San Juan

Founded in 1510, San Juan, the capital, spreads several kilometres along the north coast and also inland. The nucleus is Old San Juan, the old walled city on a tongue of land between the Atlantic and San Juan bay. It has a great deal of charm and character, a living museum, lovingly restored. The narrow streets of Old San Juan, some paved with small grey-blue cobblestones which were brought over as ships' ballast, are lined with colonial churches, houses and mansions, in a very good state of repair and all painted different pastel colours. Although the old city is lovely, the rest of San Juan is modern, sprawling, without a semblance of planning and devoid of attractive features. The beach resorts are massive, high-rise, expensive and international in character.

Getting there

Getting a taxi from the airport is your best bet; buses from the airport to San Juan and back are complicated. There is a despatch desk for
at the airport.

Getting around

Small yellow buses, or trolleys, run around the old city all day. There is a city bus (
) service with a fixed charge for standard routes. They have special routes, sometimes against the normal direction of traffic, in which case the bus lanes are marked by yellow and white lines. Bus stops
have white and orange signs or yellow and black notices on lampposts. Up until the 1950s tramcars ran between Río Piedras and Old San Juan along Avenidas Ponce de León and Fernández Juncos. To this day directions are given by
, or tram stops, so you have to find out where each one is.

Old San Juan

One of the restored and interesting buildings to visit is
La Fortaleza
, the Governor's Palace, built between 1533 and 1540 as a fortress against Carib attacks but greatly expanded in the 19th century. It is believed to be the oldest executive residence in continuous use in the Western Hemisphere. Access to the official areas is not permitted. The
 was built in the 16th century but extensively restored in the 19th and 20th centuries. The tiny
Cristo Chapel
, with its silver altar, was built after a young man competing in 1753 in a horse race during the San Juan festival celebrations plunged with his horse over the precipice at that very spot. Next to it is the aptly named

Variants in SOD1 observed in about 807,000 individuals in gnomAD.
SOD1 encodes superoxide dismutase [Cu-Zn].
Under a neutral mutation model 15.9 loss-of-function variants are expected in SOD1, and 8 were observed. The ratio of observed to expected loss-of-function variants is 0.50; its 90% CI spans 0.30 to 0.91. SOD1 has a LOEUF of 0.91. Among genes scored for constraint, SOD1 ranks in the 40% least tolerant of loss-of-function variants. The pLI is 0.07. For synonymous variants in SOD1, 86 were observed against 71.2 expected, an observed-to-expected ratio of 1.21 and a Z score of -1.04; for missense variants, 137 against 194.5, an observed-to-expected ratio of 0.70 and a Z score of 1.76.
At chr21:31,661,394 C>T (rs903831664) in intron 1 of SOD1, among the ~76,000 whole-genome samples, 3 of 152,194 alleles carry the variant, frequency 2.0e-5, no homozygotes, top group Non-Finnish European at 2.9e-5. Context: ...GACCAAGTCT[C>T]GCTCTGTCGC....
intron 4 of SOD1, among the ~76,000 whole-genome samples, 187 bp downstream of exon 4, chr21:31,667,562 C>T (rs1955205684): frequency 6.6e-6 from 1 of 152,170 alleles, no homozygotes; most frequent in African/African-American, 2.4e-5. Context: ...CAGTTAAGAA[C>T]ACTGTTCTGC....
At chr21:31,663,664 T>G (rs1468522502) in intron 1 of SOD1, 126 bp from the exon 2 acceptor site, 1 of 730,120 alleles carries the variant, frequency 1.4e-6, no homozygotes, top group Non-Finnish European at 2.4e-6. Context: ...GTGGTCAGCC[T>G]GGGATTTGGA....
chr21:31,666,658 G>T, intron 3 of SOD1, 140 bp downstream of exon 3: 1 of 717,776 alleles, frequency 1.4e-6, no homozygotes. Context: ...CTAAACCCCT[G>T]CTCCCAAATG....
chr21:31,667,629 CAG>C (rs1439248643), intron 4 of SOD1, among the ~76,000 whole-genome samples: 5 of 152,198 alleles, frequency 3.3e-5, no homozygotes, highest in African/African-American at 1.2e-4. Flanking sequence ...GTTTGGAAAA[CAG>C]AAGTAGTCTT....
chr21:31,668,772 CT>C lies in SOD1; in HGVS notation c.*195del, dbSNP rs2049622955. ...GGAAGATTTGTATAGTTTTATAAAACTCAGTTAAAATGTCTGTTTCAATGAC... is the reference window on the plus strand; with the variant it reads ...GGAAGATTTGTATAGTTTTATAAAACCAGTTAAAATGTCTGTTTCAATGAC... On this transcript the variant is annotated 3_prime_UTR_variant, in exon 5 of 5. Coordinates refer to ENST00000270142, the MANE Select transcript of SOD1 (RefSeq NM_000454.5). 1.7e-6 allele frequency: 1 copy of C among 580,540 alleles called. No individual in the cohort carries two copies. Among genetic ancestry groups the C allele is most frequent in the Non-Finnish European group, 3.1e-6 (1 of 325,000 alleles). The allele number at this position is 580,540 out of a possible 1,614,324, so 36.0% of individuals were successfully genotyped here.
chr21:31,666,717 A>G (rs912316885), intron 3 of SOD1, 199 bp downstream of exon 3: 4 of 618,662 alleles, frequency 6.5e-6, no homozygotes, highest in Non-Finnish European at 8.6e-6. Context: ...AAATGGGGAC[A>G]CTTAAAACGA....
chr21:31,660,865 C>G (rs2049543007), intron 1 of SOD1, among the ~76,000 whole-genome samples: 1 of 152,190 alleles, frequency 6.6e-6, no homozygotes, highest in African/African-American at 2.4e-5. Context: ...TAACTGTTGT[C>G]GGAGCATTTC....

Parque de las Palomas
, where the birds perch on your hand to be fed. 
San Felipe del Morro
,, was built in 1591 to defend the entrance to the harbour, and the 11-ha
Fort San Cristóbal
,, was completed in 1772 to support El Morro and to defend the landward side of the city, with its five independent units connected by tunnels and dry moats, rising 46 m above the ocean. There are good views of the city.

Next to El Morro is the
St Mary Magdalene
cemetery, also called the San Juan cemetery, which is beautiful and well worth a visit, though crowded. The
Plaza del Quinto Centenario
 is a modernistic square on several levels with steps leading to a central fountain with hundreds of jets (good view of El Morro, the cemetery and sunsets). The restored
Cuartel de Ballajá
, once the barracks for Spanish troops and their families, was also inaugurated 12 October 1992 to house the
Museum of the
on the second floor tracing the cultural development of the history of the New World. The
Dominican Convent
, built in the early 16th century, later used as a headquarters by the US Army, is now the office of the Institute of Culture, with a good art gallery. Cultural events are sometimes held in the patio, art exhibitions in the galleries. The 16th-century
San José church
, originally a Dominican chapel, is the second oldest church in the Western Hemisphere and once the family church of Ponce de León's descendants. Ponce was buried here until moved to the Cathedral in the 20th century. The